Speech at Naming Ceremony of Seafox 5, Keppel FELS
Mr Tan Chuan-Jin, Acting Minister for Manpower and Senior Minister of State for National Development, 50 Gul Road
Lady Sponsor, Mrs Marlies Cordia
Mr Choo Chiau Beng, CEO, Keppel Corporation & Chairman of Keppel Offshore & Marine
Mr Tong Chong Heong, CEO of Keppel Offshore & Marine
Mr Keesjan Cordia, CEO of Seafox
Mr Dirk vd Lelij, Chairman, Board of Seafox
Mr Jan Willem Baud, Director of NPM Capital
Ladies and gentlemen,
- Good morning. I am very happy to join you here today at the naming ceremony of Seafox 5. Although I wasn’t quite aware of it at first, this is clearly a significant milestone for everyone here, as well as the local marine and offshore industry as Seafox 5 is the first offshore wind turbine installer1 built in Singapore. This is quite an outstanding achievement, and possibly the first of many for the people involved in this project.
- As we look around the world today, despite the difficulties in Europe, the marine and offshore industry remains strong because of increasing global energy demand, particularly from growing economies such as China.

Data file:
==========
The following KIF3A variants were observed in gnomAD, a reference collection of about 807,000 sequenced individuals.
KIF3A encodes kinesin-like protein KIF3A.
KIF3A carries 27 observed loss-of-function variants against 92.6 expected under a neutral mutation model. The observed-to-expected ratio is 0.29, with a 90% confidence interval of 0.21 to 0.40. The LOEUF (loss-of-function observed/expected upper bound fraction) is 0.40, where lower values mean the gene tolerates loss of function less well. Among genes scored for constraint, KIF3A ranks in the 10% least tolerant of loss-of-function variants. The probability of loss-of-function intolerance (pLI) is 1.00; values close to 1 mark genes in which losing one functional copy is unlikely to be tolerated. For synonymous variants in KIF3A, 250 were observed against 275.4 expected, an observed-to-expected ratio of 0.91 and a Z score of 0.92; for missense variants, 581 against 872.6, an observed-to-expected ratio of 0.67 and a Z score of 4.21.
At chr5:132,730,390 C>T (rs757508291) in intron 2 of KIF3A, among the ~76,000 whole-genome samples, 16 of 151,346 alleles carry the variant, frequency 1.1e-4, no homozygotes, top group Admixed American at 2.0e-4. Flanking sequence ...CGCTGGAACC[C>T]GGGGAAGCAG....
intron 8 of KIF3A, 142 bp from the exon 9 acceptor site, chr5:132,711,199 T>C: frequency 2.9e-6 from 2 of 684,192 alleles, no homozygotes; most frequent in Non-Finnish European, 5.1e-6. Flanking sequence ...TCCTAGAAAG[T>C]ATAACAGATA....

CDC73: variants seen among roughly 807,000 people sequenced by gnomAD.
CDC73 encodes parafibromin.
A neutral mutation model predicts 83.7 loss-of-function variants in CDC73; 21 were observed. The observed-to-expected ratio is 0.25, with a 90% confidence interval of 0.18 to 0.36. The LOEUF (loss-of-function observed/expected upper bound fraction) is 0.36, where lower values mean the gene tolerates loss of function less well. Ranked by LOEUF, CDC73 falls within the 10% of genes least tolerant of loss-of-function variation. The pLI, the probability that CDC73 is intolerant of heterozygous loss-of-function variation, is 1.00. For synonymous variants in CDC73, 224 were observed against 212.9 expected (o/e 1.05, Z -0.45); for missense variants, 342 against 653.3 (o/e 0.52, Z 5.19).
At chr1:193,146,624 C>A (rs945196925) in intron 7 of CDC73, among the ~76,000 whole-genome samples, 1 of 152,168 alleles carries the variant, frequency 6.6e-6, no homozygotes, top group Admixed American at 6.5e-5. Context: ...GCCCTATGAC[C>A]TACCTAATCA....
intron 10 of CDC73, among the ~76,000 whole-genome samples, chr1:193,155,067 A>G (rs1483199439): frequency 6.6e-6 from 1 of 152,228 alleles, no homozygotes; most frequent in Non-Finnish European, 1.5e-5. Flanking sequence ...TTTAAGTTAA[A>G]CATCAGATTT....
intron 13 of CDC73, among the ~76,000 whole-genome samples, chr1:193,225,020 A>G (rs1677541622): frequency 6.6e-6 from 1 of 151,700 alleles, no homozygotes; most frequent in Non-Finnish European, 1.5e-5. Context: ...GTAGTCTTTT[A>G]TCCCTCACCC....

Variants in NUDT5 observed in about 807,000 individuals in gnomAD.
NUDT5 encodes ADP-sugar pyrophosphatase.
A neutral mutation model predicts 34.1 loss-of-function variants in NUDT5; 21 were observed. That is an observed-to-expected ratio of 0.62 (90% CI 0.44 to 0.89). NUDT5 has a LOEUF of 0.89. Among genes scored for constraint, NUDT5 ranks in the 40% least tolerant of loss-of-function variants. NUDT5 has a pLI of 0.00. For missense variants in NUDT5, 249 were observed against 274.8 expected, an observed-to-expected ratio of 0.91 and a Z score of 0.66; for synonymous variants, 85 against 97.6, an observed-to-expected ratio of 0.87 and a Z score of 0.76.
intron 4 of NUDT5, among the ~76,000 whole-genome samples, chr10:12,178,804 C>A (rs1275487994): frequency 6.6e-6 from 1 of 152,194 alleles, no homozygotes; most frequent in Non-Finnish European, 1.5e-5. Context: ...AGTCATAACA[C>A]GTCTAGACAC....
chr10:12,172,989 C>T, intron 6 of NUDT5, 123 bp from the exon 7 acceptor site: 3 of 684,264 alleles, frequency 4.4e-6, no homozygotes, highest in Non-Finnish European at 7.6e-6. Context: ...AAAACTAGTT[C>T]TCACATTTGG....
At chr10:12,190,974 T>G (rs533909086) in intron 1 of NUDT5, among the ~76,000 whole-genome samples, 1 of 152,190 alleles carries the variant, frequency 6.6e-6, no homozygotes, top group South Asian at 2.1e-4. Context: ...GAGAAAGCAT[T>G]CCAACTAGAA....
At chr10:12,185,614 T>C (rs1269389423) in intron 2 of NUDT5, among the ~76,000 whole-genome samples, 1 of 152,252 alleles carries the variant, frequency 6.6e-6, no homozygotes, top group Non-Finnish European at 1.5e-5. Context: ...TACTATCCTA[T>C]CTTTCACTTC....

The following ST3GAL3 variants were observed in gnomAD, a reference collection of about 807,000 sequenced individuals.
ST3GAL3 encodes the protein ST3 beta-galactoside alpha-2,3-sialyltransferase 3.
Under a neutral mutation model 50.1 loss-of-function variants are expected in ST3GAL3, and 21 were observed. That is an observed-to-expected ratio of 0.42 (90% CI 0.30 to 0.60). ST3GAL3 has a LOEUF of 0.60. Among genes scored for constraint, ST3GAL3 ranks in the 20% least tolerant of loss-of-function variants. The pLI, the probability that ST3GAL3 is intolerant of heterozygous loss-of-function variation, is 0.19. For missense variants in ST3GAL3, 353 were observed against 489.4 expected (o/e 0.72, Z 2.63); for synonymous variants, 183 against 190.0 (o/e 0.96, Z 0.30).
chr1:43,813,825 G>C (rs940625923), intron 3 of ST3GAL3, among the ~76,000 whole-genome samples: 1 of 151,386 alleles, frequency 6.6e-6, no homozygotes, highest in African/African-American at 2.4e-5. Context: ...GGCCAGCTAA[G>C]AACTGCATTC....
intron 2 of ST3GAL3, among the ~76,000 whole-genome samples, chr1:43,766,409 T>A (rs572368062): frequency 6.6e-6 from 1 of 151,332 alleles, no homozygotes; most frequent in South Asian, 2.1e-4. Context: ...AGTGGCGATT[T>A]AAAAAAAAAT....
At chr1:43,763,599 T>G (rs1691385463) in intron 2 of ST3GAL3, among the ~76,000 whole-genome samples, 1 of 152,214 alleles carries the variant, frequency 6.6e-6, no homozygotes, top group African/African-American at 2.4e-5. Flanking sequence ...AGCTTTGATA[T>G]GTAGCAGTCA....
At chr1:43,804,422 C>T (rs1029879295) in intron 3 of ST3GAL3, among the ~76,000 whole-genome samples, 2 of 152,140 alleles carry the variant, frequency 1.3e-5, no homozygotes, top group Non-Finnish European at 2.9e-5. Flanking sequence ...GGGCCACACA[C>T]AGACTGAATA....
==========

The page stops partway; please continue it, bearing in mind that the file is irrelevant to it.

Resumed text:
- How has this impacted the economy in Singapore? Well, Singapore has benefited from this rising tide. Having grown from a ship repair hub in the 1960s, we have grown into a leading global marine and offshore hub with a thriving ecosystem. Having projects such as the Seafox 5 and being able to deliver them ahead of the timeline has enhanced Singapore’s attractiveness to businesses. In 2011, the sector contributed over $16 billion to the economy. Furthermore, the number of locals working in the sector grew to 18,000 in Dec 2011, an increase of about 30% from Dec 2001. Now nearly three in 10 locals in the sector are in PME jobs, up from less than two in 10 a decade ago.